Pabonka Hermitage is one of the most ancient Buddhist sites in Tibet. Pabonka Hermitage is an ancient retreat founded in the 7th century by Songtsän Gampo who is reputed to be the founder of the Tibetan Empire. Pabonka means “on top of a giant rock” in the Tibetan language and, given its situation on Mount Parasol, is quite fitting.
Pabonka Hermitage is the starting point for the “Sixth-Month Fourth-Day” (Drug pa tshe bzhi) of the Sera Mountain Circumambulation Circuit (Se ra’i ri ’khor) pilgrimage. It is said that Pabonka was built even earlier than the Potala Palace and Jokhang Monastery. Several famous Tibetan kings and monks meditated here and Pabonka is said to be the birthplace of the Tibetan Alphabet.
Over the many years of its history, Pabonka has undergone many attacks. When the Dalai Lama took asylum in India, many of the remaining monks moved to Mysore, India, establishing a parallel Sera Monastery with more than 3,000 monks.
The former glory of the high-rise palace no longer exists and Pabonka has become a temple of mid-level importance as there only remains a few buildings plus a three-story structure standing on the rock.
Pabonka Hermitage also serves as a base for travelers seeking a further adventure as it is only a one and a half hour hike from Pabonka Hermitage to the Sera Monastery. This walk has often been referred to as "a sun-filled, energizing hike leading to the lively monk debates outside of the city". Additional hikes can also be taken to the Tashi Choling Hermitage (about 30 minutes) and the Chupsang Nunnery (about one hour).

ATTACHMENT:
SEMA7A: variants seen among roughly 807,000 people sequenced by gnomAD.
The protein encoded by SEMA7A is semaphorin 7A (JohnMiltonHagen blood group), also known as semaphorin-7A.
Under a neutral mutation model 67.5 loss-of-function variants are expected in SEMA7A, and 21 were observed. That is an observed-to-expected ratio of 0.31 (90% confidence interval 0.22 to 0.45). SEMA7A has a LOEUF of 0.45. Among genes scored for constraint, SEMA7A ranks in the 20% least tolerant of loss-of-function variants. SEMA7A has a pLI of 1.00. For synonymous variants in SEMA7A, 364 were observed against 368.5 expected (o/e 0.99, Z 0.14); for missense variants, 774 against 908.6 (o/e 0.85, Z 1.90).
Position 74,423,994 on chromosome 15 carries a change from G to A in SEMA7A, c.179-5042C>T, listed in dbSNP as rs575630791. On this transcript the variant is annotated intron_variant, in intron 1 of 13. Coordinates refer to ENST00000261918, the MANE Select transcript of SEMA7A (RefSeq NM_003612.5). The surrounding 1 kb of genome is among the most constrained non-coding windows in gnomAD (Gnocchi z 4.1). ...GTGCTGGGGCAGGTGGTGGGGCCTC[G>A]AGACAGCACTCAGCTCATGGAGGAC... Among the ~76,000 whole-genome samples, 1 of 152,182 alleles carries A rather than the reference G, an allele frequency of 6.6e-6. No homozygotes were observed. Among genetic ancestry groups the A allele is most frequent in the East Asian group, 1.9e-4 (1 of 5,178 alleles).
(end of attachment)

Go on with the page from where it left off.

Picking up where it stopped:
Part of Sera Monastery, Pabonka Hermitage is located 8 kilometers (5 miles) north of central Lhasa in the Nyang Bran Valley on the side of Mount Parasol. There’s a good road up to it with ample parking.
See our Tibet Impression Tours for great ways to visit Lhasa and Tibet. Customize your China tour with us and see Lhasa the way you want. We provide a high-quality local guide and private transport to get you to, and to get the most out of, places like Pabonka Hermitage.